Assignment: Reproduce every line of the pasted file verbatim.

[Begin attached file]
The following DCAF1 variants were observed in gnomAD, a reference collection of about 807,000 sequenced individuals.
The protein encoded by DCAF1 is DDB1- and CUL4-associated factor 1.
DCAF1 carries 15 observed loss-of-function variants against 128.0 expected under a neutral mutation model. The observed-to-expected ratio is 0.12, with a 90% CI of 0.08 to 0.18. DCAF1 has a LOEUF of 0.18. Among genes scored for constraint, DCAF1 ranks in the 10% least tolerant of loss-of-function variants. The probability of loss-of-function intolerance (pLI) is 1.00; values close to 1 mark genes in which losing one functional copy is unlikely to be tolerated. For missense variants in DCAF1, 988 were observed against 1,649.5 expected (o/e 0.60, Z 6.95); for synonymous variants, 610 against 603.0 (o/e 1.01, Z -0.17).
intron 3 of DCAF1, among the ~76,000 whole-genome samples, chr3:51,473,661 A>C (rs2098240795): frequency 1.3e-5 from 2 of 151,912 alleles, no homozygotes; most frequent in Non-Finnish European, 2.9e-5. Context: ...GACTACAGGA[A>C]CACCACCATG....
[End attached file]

The following DCAF1 variants were observed in gnomAD, a reference collection of about 807,000 sequenced individuals.
The protein encoded by DCAF1 is DDB1- and CUL4-associated factor 1.
DCAF1 carries 15 observed loss-of-function variants against 128.0 expected under a neutral mutation model. The observed-to-expected ratio is 0.12, with a 90% CI of 0.08 to 0.18. DCAF1 has a LOEUF of 0.18. Among genes scored for constraint, DCAF1 ranks in the 10% least tolerant of loss-of-function variants. The probability of loss-of-function intolerance (pLI) is 1.00; values close to 1 mark genes in which losing one functional copy is unlikely to be tolerated. For missense variants in DCAF1, 988 were observed against 1,649.5 expected (o/e 0.60, Z 6.95); for synonymous variants, 610 against 603.0 (o/e 1.01, Z -0.17).
intron 3 of DCAF1, among the ~76,000 whole-genome samples, chr3:51,473,661 A>C (rs2098240795): frequency 1.3e-5 from 2 of 151,912 alleles, no homozygotes; most frequent in Non-Finnish European, 2.9e-5. Context: ...GACTACAGGA[A>C]CACCACCATG....